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|Porewater nitrate profiles in sandy sediments hosting submarine groundwater discharge described by an advection-dispersion-reaction model|Ibánhez, J.S.P.; Leote, C.; Rocha, C. (2011). Porewater nitrate profiles in sandy sediments hosting submarine groundwater discharge described by an advection-dispersion-reaction model. Biogeochemistry 103(1-3): 159-180. dx.doi.org/10.1007/s10533-010-9454-1
In: Biogeochemistry. Springer: Dordrecht; Lancaster; Boston. ISSN 0168-2563; e-ISSN 1573-515X, meer
Beach; Diagenesis; Discharge; Groundwater; Nitrate; Modeling; Sand; SGD
|Auteurs|| || Top |
- Ibánhez, J.S.P.
- Leote, C.
- Rocha, C.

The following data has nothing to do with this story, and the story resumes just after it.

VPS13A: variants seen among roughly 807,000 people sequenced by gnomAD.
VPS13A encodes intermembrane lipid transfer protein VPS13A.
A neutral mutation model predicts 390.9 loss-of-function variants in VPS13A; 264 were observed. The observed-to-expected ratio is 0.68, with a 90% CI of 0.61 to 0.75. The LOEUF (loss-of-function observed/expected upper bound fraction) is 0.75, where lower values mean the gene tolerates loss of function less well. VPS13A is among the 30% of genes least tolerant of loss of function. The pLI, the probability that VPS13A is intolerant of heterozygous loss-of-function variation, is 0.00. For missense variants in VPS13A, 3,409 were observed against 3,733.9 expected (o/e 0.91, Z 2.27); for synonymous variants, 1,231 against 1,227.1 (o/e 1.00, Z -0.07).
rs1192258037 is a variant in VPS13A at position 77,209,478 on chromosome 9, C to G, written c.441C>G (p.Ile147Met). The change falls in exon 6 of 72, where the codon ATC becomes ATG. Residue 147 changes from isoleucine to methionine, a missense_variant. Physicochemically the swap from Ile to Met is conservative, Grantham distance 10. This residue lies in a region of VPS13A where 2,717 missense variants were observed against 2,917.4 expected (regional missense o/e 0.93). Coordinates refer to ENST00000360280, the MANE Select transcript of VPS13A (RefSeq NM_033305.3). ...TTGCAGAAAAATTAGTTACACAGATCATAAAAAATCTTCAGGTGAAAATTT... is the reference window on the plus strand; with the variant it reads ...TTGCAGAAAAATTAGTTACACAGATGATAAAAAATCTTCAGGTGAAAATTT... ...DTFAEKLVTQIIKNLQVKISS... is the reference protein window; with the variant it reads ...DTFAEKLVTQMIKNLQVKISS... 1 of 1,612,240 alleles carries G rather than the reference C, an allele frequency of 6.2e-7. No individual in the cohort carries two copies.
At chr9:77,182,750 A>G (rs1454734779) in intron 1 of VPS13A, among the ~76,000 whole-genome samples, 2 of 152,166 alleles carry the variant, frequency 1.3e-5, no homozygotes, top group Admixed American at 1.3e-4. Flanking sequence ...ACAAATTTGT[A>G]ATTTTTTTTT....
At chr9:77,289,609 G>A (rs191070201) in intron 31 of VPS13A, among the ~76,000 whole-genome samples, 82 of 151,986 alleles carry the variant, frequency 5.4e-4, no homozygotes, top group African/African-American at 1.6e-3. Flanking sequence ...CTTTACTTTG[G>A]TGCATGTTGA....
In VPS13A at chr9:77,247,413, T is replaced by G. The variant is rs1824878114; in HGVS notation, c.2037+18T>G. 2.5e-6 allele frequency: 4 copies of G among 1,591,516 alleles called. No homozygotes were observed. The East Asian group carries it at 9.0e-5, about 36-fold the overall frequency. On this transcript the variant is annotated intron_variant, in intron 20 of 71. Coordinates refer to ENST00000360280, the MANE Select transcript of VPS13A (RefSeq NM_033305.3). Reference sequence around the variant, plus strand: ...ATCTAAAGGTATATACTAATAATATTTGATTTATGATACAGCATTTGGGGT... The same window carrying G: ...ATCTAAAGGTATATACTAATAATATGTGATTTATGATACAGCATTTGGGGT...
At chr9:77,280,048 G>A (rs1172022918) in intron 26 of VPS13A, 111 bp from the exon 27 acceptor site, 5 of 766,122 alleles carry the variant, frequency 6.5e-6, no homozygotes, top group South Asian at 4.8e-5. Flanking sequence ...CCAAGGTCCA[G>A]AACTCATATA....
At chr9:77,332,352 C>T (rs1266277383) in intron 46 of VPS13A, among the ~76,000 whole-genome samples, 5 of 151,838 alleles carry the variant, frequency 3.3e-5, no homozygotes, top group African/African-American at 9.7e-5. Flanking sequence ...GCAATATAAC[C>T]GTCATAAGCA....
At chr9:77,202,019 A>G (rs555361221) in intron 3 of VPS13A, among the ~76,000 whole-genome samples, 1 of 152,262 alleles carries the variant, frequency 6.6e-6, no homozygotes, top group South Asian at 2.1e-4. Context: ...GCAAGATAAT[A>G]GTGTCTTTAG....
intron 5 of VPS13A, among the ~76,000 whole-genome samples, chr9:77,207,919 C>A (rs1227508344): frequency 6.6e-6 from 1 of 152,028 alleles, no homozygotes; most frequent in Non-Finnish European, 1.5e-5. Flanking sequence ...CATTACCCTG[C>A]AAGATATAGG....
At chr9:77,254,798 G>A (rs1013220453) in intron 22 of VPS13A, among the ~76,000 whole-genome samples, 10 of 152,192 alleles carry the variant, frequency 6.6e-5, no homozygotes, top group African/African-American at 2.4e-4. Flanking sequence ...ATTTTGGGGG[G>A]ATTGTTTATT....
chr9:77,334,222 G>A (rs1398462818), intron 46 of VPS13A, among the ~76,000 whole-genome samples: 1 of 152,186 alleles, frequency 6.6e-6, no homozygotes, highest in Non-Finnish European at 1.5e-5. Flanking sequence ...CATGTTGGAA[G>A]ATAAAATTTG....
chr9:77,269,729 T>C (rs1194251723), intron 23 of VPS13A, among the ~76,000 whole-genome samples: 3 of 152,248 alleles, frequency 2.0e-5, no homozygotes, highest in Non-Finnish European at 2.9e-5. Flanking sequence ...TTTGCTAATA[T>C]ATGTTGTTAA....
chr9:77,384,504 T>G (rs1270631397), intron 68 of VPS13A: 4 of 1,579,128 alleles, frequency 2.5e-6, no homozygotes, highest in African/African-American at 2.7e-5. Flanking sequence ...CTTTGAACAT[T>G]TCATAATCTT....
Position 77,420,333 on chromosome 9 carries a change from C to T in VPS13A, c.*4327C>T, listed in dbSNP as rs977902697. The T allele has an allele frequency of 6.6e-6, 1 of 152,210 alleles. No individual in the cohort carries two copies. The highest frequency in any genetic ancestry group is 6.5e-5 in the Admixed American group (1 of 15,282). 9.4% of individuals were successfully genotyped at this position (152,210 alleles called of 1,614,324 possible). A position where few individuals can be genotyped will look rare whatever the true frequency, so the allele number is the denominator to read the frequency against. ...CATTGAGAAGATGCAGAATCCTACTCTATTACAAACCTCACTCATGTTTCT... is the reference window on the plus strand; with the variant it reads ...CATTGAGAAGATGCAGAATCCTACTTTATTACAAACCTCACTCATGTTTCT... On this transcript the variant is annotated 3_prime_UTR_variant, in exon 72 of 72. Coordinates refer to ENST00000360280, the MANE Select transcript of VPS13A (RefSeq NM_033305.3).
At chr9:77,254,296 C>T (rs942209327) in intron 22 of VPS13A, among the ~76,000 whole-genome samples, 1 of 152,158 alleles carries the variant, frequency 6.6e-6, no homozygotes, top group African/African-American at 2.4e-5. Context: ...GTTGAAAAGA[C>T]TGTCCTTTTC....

In order to separate the effects of reaction from those of transport on vertical porewater concentration profiles of nitrate at an intertidal groundwater seepage site (Ria Formosa, Portugal), a free-boundary solution of an Advection-Dispersion-Reaction (ADR) model was used to describe the shape of NO3 (-) concentration profiles collected in situ. The model includes three sequential reaction layers, postulated with basis on the local distribution of the benthic organic C:N ratio and major identifiable changes in concentration gradients with depth. The advective nature of the system was used to propose a mass balance simplification to the constitutive equations permitting a free-boundary solution, which in turn allowed prediction of sediment-water fluxes of NO3 (-). Sensitivity analysis confirmed that in similarly advective-dominated environments, both the porewater concentration distribution and the interfacial fluxes are strongly dependant on seepage rate and benthic reactivity. The model fitted the measured profiles with high correlation (usually higher than 90%), and model-derived sediment-water NO3 (-) fluxes were in good agreement to fluxes measured in situ with Lee-type seepage meters (0.9948 slope, R-2 = 0.8672, n = 8). Nitrate oxidation and reduction rates extracted from model fits to the data (10(-2)-10(0) mmol m(-2) h(-1)) agreed with literature values. Because dispersive effects are not included in direct mass balances based on the porewater concentrations, the model presented here increases the accuracy of apparent reaction rate estimates and geochemical zonation at Submarine Groundwater Discharge (SGD) sites. The results establish the importance of sandy sediments as reactive interfaces, able to modulate mass transfer of continental-derived contaminants into coastal ecosystems. We suggest that tools such as the one described here might be used to advantage in preparing further experimental studies to elucidate how benthic reactivity affects nitrate distribution and fluxes in sediments affected by SGD.